And there’s what used to be an aerospace machine shop near where I grew up. Used to make stuff for Grumman, like bearings and small run high precision stuff. When the plant nearby shut down they started custom machining replacement parts for vintage cars and aircraft. They’re like a go to “replica” part maker for certain kinds of vintage cars now.


There is a 200 unit limit on the vast majority of the testing (which isn’t to say there isn’t also a limit at 300 for some things they find too burdensome, and the 200 limit is something the tests don’t “time out” on?).

Yep, and also interesting (to me) Revology bought the rights to make some old Ford and Shelby models that Ford doesn’t want to deal with. The prices are, um, sky high though for newly produced 1960s/1970s models!

Step 1. Buy up old property for penny’s on the dollar.
Step 2. Hype it up, let people know it’s back, and ready to take on all challengers.
Step 3. Keep convincing investors something is going to happen and a lot of money is going to be made.
Step 4. Release fancy concept images or teasers every 5-10 years to let people (i.e. investors) know your product is still around and ready to take their money!

1 Like

A production start in 2013 doesn’t necessarily have to be a problem for a company that makes time travelling cars


But will it have a Mr. Fusion?


I forget the details. But whatever the limit was previous you had to do testing for each model year or some such. Basically made it untenable to make low production runs cars for anything but off road or track only use. They changed the law in in like 2015 so that up 325 cars a year there’s a more limited safety standard on you only have to test it once if you don’t make major changes.

Then there wasn’t anything on the regulatory side to actually make that happen, DeLorean and few others sued a couple years back and it actually took effect in 2020 or 2021. It basically means the difference between finishing cars from bodies/frames that were already made and got vin at least 25 years ago. And being able to manufacture new units of old models and add updates.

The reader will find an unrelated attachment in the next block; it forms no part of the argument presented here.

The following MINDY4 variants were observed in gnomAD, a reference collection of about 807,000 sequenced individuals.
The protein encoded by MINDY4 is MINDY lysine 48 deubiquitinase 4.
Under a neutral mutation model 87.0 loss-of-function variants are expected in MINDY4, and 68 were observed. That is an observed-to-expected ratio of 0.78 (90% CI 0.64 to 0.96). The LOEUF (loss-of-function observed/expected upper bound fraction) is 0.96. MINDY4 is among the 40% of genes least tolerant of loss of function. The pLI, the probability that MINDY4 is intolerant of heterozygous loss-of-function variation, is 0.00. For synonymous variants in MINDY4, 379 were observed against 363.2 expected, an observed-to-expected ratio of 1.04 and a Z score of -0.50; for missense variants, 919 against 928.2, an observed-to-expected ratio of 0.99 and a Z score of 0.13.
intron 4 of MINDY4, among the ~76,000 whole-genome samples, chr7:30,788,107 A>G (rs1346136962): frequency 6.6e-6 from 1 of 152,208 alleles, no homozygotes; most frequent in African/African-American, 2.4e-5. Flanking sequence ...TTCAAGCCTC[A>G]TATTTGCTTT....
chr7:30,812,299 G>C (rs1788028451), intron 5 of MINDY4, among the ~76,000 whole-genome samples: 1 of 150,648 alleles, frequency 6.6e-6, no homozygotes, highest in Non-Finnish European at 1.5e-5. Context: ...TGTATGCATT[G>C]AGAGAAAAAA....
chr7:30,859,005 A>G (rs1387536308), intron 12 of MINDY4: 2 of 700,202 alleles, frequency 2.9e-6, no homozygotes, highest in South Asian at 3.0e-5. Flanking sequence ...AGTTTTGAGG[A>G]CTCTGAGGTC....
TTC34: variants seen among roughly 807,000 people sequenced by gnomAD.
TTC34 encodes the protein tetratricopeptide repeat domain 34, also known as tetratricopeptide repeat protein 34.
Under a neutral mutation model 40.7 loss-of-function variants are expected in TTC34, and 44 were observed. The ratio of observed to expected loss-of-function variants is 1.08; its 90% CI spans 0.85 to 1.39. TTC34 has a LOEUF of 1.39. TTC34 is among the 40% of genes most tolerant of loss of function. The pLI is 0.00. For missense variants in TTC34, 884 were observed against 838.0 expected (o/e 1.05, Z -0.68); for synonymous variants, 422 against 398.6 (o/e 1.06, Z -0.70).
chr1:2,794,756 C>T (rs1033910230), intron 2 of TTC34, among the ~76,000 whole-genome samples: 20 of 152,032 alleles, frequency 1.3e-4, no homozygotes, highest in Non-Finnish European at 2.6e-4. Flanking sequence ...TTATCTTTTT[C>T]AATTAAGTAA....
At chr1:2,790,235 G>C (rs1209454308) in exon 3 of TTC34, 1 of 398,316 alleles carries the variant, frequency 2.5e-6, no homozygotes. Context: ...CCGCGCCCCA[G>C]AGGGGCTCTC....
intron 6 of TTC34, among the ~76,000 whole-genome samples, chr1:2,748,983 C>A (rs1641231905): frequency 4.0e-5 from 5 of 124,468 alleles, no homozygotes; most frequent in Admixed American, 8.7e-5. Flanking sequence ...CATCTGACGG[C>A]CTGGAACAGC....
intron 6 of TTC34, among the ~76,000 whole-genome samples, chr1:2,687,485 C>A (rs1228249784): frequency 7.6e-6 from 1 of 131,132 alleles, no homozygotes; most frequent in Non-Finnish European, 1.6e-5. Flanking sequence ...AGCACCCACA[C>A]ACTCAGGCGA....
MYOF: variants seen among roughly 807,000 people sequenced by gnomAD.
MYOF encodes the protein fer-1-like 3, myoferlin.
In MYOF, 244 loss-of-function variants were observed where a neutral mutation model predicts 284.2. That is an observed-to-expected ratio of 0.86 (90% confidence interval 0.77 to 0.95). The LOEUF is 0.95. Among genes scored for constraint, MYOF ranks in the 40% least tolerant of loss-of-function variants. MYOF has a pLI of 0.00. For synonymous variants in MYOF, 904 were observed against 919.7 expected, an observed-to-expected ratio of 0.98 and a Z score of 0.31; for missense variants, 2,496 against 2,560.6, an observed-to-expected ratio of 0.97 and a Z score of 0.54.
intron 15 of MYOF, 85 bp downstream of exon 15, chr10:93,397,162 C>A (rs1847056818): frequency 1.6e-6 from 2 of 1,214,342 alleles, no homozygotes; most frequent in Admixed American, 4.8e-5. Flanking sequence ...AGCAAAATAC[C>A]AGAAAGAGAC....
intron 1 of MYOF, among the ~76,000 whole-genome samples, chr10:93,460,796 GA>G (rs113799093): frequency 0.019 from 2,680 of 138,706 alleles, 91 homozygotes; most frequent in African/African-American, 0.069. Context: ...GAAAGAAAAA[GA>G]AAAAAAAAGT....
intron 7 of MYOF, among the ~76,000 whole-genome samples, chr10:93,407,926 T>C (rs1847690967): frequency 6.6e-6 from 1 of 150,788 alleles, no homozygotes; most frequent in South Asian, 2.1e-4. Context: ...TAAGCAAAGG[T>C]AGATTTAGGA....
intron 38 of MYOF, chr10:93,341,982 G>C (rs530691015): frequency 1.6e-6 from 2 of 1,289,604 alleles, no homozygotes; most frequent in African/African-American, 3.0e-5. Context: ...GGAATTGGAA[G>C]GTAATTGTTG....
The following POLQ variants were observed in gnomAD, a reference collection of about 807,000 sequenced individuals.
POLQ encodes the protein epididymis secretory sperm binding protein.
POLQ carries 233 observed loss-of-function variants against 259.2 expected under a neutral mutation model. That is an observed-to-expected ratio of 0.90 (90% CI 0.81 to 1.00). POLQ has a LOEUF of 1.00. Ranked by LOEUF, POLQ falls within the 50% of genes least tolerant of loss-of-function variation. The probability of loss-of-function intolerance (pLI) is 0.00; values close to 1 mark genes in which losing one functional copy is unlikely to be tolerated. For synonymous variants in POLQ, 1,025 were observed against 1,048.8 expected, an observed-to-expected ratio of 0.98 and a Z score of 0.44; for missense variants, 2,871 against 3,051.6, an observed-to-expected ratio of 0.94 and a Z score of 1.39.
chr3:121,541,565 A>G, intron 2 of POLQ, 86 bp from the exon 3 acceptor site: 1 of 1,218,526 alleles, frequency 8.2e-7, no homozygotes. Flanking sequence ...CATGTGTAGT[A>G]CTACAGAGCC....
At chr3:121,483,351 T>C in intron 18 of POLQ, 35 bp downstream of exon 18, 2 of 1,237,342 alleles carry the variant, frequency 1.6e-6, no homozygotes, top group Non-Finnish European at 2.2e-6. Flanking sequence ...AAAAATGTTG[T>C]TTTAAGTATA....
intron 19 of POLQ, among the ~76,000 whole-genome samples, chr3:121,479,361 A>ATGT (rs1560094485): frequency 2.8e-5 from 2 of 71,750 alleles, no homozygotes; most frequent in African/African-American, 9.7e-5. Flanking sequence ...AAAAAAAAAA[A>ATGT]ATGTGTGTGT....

Kind of this weird edge case that mostly hit companies like DeLorean.

There’s a few companies of that sort out there. On the more basic end reproduction bodies are dropped onto a modern car as a sort of resto-mod without anything original. Revology says they have their own platform to do that with, but the fact that Ford will warranty them makes me think they’re dropping those repro bodies on something from Ford.

Which would skate on a lot of the testing. If it’s an existing safe and tested car that’s modified you’re good. Same deal kit cars. Kinda what had certain other companies pushing for an update.

It also looks like they’ve made less than 200 cars total since 2015. Less “Ford doesn’t want to deal with” than “Ford has absolutely no interest in a market that small”. Revology almost looks more like a custom coachbuilder.

I dunno if they’re still doing it. But Shelby themselves were doing the finish old cars bit for a very long time. They had lot of old bodies and unfinished frames for Cobras. And they were putting out “real” Cobras from that old stock for decades.

IIRC they were one of the other companies stumping for a change here. Cause pretty much everyone in that space ran out of cars that were finished enough to be technically vintage.

All of this stuff is insanely expensive. Because the target market is people for whom an already insanely expensive vintage car just isn’t good or rare enough.